The proximal end of the proximal bendable section 32 is secured within a guide tube 34. In the illustrated embodiment, the guide tube 34 takes the form of a coiled stainless steel spring. The guide tube 34 extends from the steering assembly 28(1) rearward within the catheter body 14 to the handle 12. The guide tube 34 serves to stiffen the catheter body 14 and to help impart twisting motion from the handle to the steering assembly 28(1).
As FIG. 3 shows, a distal steering wire 36 is attached by soldering or adhesive to one surface of the distal bendable section 30. The steering wire 36 extends from the bendable section 30 through a guide tube 38 secured by soldering or adhesive to a surface 40 of the proximal bendable section 32. From there, the steering wire 36 extends through the guide tube 34 into the handle 12. The steering wire 36 is coupled to the control knob 24 within the handle 12, as will be described in greater detail later.
A proximal steering wire 42 is attached by soldering or adhesive to the surface 44 of the proximal bendable section 32 opposite to the surface 40. From there, the steering wire 42 extends through the guide tube 34 into the handle 12. The steering wire 42 is coupled to the control knob 26 within the handle 12, as will be described in greater detail.
Flexible heat shrink tubing 56 (shown in FIG. 1 and in phantom lines in FIG. 3) encloses the compound steering assembly 28(1).
As FIG. 2 shows, the control knobs 24 and 26 are individually coupled by shafts, respectively 45 and 46, to rotatable cam wheels, respectively 48 and 50, within the handle 12. Rotation of the respective knob 24 and 26 serves to rotate its respective cam wheel 48 and 50. The steering wire 36 is attached to the cam wheel 48, and the steering wire 42 is attached to the cam wheel 50.
Further details of the structure of the cam wheels 48 and 50 and their attachment to the steering wires 36 and 42 are not essential to the invention and can be found in U.S. Pat. No. 5,254,088, which is incorporated herein by reference.
Rotation of the cam wheel 48 (by manipulation of the knob 24) pulls upon the distal steering wire 36. This, in turn, pulls upon the distal bendable section 30, flexing the bendable section 30 in the direction of the wire 36 (shown by arrow 52 in FIG. 3). The guide tube 38 facilitates movement of the steering wire 36 and the transmission of the pulling force from the cam wheel 48 to the bendable section 30. In the absence of the pulling force upon the wire 36, the bendable section 30 resiliently returns to its normal unbent condition (shown in FIG. 3).
Likewise, rotation of the cam wheel 50 (by manipulation of the knob 26) pulls upon the steering wire 42. This, in turn, pulls upon the proximal bendable section 32, flexing the bendable section 32 in the direction of the wire 42 (as arrow 54 shows in FIG. 3). In the absence of the pulling force upon the wire 42, the bendable section 32 resiliently returns to its normal unbent condition (as FIG. 3 shows).
In the illustrated and preferred embodiment, the guide tube 38 comprises a stainless steel coil. As a steel coil, the guide tube 38 provides bending resistance and bias for the assembly 28(1) to return to the unbent orientation after deflection.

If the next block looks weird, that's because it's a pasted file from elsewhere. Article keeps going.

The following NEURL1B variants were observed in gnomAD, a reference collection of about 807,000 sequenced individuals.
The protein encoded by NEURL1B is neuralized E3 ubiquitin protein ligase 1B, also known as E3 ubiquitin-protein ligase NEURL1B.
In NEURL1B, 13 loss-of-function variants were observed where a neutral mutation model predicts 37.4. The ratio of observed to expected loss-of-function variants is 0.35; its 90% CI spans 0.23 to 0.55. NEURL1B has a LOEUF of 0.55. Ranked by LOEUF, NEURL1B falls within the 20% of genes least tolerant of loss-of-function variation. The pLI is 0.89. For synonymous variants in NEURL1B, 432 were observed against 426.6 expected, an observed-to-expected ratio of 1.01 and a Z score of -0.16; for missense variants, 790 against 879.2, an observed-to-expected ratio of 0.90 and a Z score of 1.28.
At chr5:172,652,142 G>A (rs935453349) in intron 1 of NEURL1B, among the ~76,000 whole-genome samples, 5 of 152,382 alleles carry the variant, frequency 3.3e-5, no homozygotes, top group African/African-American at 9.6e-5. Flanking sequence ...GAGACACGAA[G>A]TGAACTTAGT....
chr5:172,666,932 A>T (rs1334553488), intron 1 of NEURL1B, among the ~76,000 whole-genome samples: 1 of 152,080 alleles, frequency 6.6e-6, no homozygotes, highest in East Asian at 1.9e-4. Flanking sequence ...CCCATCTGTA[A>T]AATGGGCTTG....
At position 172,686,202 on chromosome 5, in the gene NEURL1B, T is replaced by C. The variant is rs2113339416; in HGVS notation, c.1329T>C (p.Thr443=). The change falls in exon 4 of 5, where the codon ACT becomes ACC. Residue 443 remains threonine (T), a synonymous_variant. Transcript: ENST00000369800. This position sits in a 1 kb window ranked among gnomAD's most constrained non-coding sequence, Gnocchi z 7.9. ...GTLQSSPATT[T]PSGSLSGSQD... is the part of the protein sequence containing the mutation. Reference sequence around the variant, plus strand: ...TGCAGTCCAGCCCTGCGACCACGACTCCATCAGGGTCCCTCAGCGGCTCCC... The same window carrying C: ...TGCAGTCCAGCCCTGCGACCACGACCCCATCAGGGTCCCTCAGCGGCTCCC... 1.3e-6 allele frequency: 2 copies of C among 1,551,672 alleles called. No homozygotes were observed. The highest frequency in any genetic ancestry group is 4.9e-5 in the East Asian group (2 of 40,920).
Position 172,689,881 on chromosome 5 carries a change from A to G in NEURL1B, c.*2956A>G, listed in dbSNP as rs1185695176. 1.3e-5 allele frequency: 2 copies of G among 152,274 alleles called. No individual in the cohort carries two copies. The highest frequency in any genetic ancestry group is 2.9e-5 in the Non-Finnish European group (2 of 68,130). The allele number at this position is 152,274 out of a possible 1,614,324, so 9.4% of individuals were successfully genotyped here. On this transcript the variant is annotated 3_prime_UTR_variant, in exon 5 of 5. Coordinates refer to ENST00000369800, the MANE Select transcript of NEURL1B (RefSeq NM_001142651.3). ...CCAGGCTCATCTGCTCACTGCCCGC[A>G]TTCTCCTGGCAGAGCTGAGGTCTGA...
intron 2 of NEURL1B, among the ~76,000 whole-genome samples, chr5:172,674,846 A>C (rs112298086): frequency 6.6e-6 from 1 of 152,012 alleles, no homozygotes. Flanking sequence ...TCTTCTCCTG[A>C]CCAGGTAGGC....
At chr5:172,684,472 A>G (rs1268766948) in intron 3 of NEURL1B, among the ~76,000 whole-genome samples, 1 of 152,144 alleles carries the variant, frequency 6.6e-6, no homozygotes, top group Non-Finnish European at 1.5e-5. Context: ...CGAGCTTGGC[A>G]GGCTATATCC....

The compound steering assembly 28(1) makes possible the formation of complex curves in the distal region 16. Pulling on the distal wire 36 bends the distal region 16 in the direction 52. Pulling on the proximal steering wire 42 further bends the distal region 16 in a different direction 55.
FIG. 3 shows a single steering wire 36 and 42 attached to each bendable section 30 and 32 to provide unidirectional bending of each section 30 and 32. Of course, either or both bendable sections 30 and 32 may include an opposing pair of steering wires (not shown) to provide bidirectional bending action. If bidirectional bending of the distal section 30 is desired, a guide tube 38 is preferably provided for each steering wire attached to the section 30. In this arrangement, the guide tubes should preferably comprise a material at least as flexible as the proximal section 32 itself, so as to not impede the desired bending action.
FIG. 4 shows an alternative embodiment of a compound steering assembly, designated 28(2). The compound steering assembly 28(2) includes a spring element formed as a single piece in two bendable sections 58 and 60. The bendable section 58 is distal to the bendable section 60.
Like the embodiment shown in FIG. 3, the proximal end of the bendable section 60 is secured within a guide tube 34. Unlike the embodiment shown in FIG. 3, the bendable sections 58 and 60 are not offset from each other, but extend in the same plane.
A pair of steering wires 62 and 64 are attached to opposite surfaces of the distal bendable section 58. The steering wires 62 and 64 extend rearward through the guide tube 34 within the catheter body 14 for attachment to opposite sides of a rotatable cam wheel (not shown) within the handle 12. U.S. Pat. No. 5,254,088 shows the details of this construction, which is incorporated herein by reference. Rotation of the cam wheel in one direction pulls on the steering wire 62 to bend the distal section 58 in one direction (shown by arrow 66A in FIG. 4). Rotation of the cam wheel in the opposite direction pulls on the steering wire 64 to bend the distal section 58 in the opposite direction (shown by arrow 66B in FIG. 6). Bidirectional steering of the distal section 58 is thereby achieved.
The compound steering assembly 28(2) shown in FIG. 4 further includes a preformed wire 68 secured by soldering or adhesive to the proximal bendable section 60. The preformed wire 68 is biased to normally curve. The preformed wire 68 may be made from stainless steel 17/7, nickel titanium, or other memory elastic material. It may be configured as a wire or as a tube with circular, elliptical, or other cross-sectional geometry.